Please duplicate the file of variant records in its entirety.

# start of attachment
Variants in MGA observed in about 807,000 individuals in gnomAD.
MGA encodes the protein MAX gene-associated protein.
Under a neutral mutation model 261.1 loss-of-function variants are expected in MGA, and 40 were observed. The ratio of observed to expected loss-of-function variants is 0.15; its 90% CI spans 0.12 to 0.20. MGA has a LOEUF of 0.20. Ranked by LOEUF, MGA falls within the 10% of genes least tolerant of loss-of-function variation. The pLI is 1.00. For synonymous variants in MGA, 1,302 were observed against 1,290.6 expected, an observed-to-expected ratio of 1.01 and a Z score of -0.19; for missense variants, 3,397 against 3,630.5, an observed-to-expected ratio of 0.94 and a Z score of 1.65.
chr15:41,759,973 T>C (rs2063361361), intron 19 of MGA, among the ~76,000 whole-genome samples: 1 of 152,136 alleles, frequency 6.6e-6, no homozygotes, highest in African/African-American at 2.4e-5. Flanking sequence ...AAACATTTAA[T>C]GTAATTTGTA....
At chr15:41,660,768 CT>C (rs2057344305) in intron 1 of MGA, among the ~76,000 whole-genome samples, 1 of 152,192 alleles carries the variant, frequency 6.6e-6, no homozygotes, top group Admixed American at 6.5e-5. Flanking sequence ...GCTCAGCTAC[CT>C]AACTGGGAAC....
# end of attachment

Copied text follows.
Variants in MGA observed in about 807,000 individuals in gnomAD.
MGA encodes the protein MAX gene-associated protein.
Under a neutral mutation model 261.1 loss-of-function variants are expected in MGA, and 40 were observed. The ratio of observed to expected loss-of-function variants is 0.15; its 90% CI spans 0.12 to 0.20. MGA has a LOEUF of 0.20. Ranked by LOEUF, MGA falls within the 10% of genes least tolerant of loss-of-function variation. The pLI is 1.00. For synonymous variants in MGA, 1,302 were observed against 1,290.6 expected, an observed-to-expected ratio of 1.01 and a Z score of -0.19; for missense variants, 3,397 against 3,630.5, an observed-to-expected ratio of 0.94 and a Z score of 1.65.
chr15:41,759,973 T>C (rs2063361361), intron 19 of MGA, among the ~76,000 whole-genome samples: 1 of 152,136 alleles, frequency 6.6e-6, no homozygotes, highest in African/African-American at 2.4e-5. Flanking sequence ...AAACATTTAA[T>C]GTAATTTGTA....
At chr15:41,660,768 CT>C (rs2057344305) in intron 1 of MGA, among the ~76,000 whole-genome samples, 1 of 152,192 alleles carries the variant, frequency 6.6e-6, no homozygotes, top group Admixed American at 6.5e-5. Flanking sequence ...GCTCAGCTAC[CT>C]AACTGGGAAC....